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Same-sex marriages and today’s urgent prayer for godliness


AT the Queen’s funeral service in Westminster Abbey in September, the Archbishop of York read out the Book of Common Prayer Collect for today, the 22nd Sunday after Trinity:

‘Lord, we beseech thee to keep thy household the Church in continual godliness; that through thy protection it (Archbishop Cottrell said ‘she’) may be free from all adversities, and devoutly given to serve thee in good works, to the glory of thy name; through Jesus Christ our Lord. Amen.’

This Collect includes prayer for the Church of England of which the Queen was Supreme Governor but ‘thy household the Church’ here is not restricted to a particular denomination. The Collect is referring to the universal Church for which intercession is made in the Prayer Book service of Holy Communion, that the Lord would ‘inspire continually the universal Church with the spirit of truth, unity and concord’.

This universal Church, described in the Apostles’ Creed as the holy Catholic (inclusive of all nationalities) Church, embraces as members of God’s family all true believers in Jesus Christ the world over. That universal Church finds visible expression in local churches, gatherings of Christian believers in particular places.

Notwithstanding its broader remit, it is true that this Collect is urgently relevant to members of the universal Church who meet in local churches affiliated to the Church of England. They have had a dreadful fortnight.

It has become clear after a residential meeting of the C of E’s College of Bishops from October 31 to November 2 that the leaders of the national Church are poised to ditch the traditional Christian sexual ethic. The College, comprising the Archbishops of Canterbury and York and 106 diocesan and suffragan or area bishops, met in Hertfordshire to debate the outcome of the CofE’s Living in Love and Faith (LLF) consultation on marriage and sexuality.

At the end of the meeting, Church Times editor Paul Handley was given a lobby-style briefing by a high level C of E source.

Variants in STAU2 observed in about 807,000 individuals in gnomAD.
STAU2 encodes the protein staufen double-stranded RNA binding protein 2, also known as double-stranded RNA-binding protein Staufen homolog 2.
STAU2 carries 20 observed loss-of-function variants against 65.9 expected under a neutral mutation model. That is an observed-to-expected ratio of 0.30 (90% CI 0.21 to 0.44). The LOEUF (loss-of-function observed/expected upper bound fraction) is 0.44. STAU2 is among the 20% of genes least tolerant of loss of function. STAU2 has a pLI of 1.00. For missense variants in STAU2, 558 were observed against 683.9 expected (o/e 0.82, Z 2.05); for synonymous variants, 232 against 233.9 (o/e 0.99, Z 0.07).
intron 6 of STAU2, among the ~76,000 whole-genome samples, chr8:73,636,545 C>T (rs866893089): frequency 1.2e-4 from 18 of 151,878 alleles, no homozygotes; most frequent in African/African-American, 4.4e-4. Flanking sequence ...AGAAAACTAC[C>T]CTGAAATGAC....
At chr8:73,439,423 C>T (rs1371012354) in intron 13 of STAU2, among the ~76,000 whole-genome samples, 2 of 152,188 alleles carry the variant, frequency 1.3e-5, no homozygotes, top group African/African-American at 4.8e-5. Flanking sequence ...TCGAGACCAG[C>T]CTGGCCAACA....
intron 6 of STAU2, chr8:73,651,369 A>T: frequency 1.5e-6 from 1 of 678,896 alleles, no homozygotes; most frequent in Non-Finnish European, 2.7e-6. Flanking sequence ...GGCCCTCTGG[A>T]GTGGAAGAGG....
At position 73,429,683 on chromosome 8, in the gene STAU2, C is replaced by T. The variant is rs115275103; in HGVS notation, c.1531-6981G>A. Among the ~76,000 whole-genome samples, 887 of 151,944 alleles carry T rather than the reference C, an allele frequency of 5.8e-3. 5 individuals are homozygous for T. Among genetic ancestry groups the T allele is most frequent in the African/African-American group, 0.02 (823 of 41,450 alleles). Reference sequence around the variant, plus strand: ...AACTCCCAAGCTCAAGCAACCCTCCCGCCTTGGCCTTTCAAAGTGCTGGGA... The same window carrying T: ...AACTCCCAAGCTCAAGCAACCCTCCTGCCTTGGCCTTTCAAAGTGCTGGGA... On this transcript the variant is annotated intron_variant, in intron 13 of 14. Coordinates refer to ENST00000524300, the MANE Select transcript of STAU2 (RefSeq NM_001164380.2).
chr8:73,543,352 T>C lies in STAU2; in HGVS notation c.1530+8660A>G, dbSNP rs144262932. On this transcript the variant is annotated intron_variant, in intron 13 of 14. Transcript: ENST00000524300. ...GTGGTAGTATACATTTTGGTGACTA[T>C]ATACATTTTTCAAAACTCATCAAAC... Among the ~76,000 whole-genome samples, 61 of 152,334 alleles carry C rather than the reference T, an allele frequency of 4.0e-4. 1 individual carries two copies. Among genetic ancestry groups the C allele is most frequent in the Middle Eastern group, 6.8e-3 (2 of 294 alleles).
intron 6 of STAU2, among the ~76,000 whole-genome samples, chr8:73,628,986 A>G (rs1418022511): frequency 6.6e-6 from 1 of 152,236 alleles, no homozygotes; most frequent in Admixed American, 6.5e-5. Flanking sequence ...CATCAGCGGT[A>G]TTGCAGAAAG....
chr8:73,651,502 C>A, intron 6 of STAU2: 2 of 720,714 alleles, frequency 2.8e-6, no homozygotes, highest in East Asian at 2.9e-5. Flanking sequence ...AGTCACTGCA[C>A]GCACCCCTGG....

Handley reported on November 2: ‘Although no decision has been made about what formal proposals will be presented to the General Synod in February 2023 – these will be finalised at the next College of Bishops meeting, 12-14 December – it is understood that the bishops acknowledge that simply to restate the existing ban on same-sex blessings or marriage in church is not an option.’

On November 3 the Bishop of Oxford, Steven Croft, became the most senior C of E diocesan bishop to come out in favour of allowing same-sex marriages in parish churches. So far, only a handful of bishops, mainly suffragans, have backed his call so it looks as if he has overplayed his hand.

It is unlikely that the full same-sex marriage package would get the necessary two-thirds majority in the General Synod. The more likely outcome of LLF is that the House of Bishops comprising the 42 diocesan bishops will bring a ‘compromise’ proposal to February’s Synod to allow clergy to bless same-sex couples after civil marriage. That is the route the Anglican Church in Wales took last year.

Still, such a change would be drastic for the C of E. It would be abandoning the teaching upheld in the Book of Common Prayer for centuries that the expression of sexual love should be confined to the God-created institution of heterosexual marriage. The Prayer Book condemns sex outside this God-given context in strong terms as ‘fornication’.

Following the Bishop of Oxford’s intervention, Christian Concern’s chief executive, Andrea Minichiello Williams, a former General Synod member, spoke up clearly for Anglican orthodoxy, as she often does: 

‘The Church’s official position matches the clear teaching of scripture by saying that sex belongs within one man, one woman marriage. Nevertheless, bishops and clergy have been allowed to sow endless doubt about what Christians throughout history and around the world have recognised is God’s pattern for sexuality.

‘Their theological arguments have been debunked time after time by genuine scholars; Jesus himself clearly upheld the sexual ethics of the Old Testament while demonstrating grace and offering forgiveness to all who sought it.’

She summed up the motivation of C of E revisionists pushing to forsake the traditional teaching: ‘For many years it has been clear that the driving force behind these revisionists is not the study of scripture nor listening to the Holy Spirit but a relentless desire to mirror society’s values.’

With the prospect of the C of E abandoning Christian orthodoxy and turning itself into a neo-Marxist religious pressure group, the Collect for today is urgent. In the present crisis, may orthodox members of the universal Church, in the C of E for now, indeed be kept in continual godliness that through the Lord’s protection they may be free from all adversities and devoutly given to serve Him in good works.

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Julian Mann
Julian Mann
Julian Mann is a former Church of England vicar, now an evangelical journalist based in Heysham, Lancashire.

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